A local news organization is tooting its own horn, after a tip from one of its readers led to the arrest of a man wanted in connection for an armed carjacking and robbery.
D.C. criminal defense lawyers want you to know that there are very few cases in which a person wanted by law enforcement evades capture for long, particularly if the person is wanted in connection with a violent offense. Sure, there are the occasional stories of those who stay under the radar for decades. But those cases make headlines for a reason: They're extremely rare.
Those who know they have a warrant and don't turn themselves in face a number of risks, including being arrested at work, in front of their families or during a routine traffic stop. In some cases, the arrest may catch you off guard, leading to a potentially violent confrontation that could not only result in additional charges, you may be at risk for physical harm.
However, what you don't want to do is turn yourself into authorities before you have first consulted with an experienced D.C. criminal defense lawyer. There are multiple reasons why.
First, some have made the mistake of thinking they can turn themselves in for crimes after the statute of limitations has run out, believing they can no longer be prosecuted for a crime. This is extremely risky because laws are evolving and can be quite complex. If you make a mistake in this regard, you could potentially be facing a very long prison sentence by turning yourself in for a crime that happened 20 years ago if the statute of limitations is 30 years.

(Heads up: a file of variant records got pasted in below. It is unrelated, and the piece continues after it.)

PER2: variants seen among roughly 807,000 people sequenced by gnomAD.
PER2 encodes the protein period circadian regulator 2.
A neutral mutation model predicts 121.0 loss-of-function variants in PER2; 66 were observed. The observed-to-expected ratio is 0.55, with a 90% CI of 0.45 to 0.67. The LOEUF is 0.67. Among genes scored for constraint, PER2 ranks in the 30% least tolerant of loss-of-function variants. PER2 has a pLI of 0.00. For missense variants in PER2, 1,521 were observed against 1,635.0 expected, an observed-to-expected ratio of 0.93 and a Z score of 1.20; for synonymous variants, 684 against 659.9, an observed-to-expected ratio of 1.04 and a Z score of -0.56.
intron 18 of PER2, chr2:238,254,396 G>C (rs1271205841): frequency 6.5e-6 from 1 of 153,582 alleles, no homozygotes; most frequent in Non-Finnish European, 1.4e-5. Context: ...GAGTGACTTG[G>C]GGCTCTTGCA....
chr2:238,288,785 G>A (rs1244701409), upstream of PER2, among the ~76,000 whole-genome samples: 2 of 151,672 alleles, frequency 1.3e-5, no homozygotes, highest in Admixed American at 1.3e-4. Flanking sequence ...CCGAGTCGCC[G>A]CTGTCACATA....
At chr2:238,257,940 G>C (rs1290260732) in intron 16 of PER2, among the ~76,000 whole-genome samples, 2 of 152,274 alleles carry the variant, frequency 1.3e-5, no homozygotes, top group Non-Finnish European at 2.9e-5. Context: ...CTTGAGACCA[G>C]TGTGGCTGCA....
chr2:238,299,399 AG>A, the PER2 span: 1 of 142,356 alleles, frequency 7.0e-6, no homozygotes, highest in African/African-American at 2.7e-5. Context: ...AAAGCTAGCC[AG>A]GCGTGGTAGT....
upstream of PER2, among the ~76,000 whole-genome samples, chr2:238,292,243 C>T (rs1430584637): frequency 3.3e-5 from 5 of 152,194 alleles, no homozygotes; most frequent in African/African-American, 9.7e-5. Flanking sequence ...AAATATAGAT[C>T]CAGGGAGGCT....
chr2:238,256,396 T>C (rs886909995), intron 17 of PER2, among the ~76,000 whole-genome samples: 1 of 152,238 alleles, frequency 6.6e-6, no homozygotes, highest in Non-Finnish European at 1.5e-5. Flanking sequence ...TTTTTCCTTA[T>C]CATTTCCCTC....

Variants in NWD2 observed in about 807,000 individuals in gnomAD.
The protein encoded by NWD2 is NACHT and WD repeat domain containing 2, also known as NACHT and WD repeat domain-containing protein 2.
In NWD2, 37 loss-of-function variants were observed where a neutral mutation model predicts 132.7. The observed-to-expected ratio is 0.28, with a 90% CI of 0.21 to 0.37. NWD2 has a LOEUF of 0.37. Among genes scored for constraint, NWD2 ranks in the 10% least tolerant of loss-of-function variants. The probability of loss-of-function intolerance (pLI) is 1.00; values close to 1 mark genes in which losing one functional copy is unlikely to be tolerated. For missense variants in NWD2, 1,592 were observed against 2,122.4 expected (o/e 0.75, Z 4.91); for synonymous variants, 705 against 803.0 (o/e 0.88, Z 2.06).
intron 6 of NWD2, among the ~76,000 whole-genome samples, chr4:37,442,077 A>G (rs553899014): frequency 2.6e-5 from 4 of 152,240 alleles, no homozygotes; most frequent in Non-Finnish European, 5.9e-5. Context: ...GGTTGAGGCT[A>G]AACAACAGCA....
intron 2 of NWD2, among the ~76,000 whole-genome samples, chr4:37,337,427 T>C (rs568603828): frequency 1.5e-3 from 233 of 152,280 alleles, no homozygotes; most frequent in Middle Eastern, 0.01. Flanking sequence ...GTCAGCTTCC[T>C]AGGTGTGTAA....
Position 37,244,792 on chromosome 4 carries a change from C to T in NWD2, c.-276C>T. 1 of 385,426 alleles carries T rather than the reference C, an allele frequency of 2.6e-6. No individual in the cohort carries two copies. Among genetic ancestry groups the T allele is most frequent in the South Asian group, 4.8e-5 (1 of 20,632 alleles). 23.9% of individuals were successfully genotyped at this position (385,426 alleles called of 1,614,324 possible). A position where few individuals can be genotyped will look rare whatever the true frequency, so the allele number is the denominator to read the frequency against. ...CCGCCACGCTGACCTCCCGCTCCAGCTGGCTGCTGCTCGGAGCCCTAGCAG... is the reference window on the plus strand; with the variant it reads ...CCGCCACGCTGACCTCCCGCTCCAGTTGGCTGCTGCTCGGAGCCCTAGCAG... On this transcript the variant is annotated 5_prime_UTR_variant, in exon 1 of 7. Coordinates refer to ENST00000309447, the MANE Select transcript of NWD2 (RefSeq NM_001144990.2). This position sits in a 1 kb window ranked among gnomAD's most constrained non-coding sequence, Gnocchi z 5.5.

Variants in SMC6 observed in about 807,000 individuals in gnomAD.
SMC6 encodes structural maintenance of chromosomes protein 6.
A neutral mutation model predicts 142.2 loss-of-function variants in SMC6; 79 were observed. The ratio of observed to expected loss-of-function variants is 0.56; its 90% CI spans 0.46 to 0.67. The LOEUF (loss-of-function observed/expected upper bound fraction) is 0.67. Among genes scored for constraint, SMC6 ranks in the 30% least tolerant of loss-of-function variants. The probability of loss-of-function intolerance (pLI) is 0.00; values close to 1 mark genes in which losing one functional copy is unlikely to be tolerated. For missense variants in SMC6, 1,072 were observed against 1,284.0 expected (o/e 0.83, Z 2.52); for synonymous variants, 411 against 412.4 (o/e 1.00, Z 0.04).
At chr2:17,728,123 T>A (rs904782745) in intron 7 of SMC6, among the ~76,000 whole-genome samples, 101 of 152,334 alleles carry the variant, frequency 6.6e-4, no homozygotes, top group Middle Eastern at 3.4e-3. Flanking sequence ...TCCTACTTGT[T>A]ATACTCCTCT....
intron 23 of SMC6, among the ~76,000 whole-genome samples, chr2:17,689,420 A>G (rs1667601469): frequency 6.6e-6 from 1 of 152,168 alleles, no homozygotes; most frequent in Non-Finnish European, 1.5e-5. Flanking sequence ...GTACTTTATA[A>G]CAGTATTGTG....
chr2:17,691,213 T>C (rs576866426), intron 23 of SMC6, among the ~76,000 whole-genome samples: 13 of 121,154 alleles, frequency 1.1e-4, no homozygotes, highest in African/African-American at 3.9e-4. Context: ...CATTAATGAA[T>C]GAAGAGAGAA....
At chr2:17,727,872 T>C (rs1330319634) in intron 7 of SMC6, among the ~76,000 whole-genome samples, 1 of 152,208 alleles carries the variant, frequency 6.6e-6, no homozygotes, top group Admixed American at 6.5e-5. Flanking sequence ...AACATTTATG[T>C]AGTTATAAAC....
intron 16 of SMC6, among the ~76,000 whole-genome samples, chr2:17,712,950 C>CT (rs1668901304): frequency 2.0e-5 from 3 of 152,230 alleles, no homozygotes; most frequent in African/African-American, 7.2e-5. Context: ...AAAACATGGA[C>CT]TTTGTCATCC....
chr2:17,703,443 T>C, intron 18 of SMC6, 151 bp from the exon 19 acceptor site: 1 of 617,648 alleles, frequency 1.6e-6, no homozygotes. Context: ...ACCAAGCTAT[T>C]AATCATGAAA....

Secondly, when you turn yourself in, depending on the crime of which you are accused, law enforcement officers may attempt to question you soon after you are in custody. If you have not first met with a lawyer or have a lawyer present during that process, there is a high potential you may say something that could be used to incriminate you.
And finally, your defense attorney may be able to facilitate the exact terms of your surrender, as well as your potential release, before you ever step foot in front of a judge. If your warrant is for something relatively minor, such as a bench warrant for failure to appear, an attorney may even be able to help you arrange to pay a fine and have the matter dropped.
Every case is different, but you should always contact an attorney before turning yourself in.
In this particular case, the 29-year-old suspect was wanted for a 2003 incident in which he reportedly used a firearm to carjack a man in Prince George County. He then allegedly made the man drive to an ATM and forced him to take out the $600 maximum the ATM would allow. Unsatisfied with that amount, police said he forced the victim to rent a local hotel room and waited to return to the ATM the following day to take out more.
The Washington Examiner published a story about this wanted individual in May. A reader reportedly contacted the local police department to say that the suspect was known to frequent a nearby park. Police then conducted surveillance on the area and ended up recently arresting him without incident.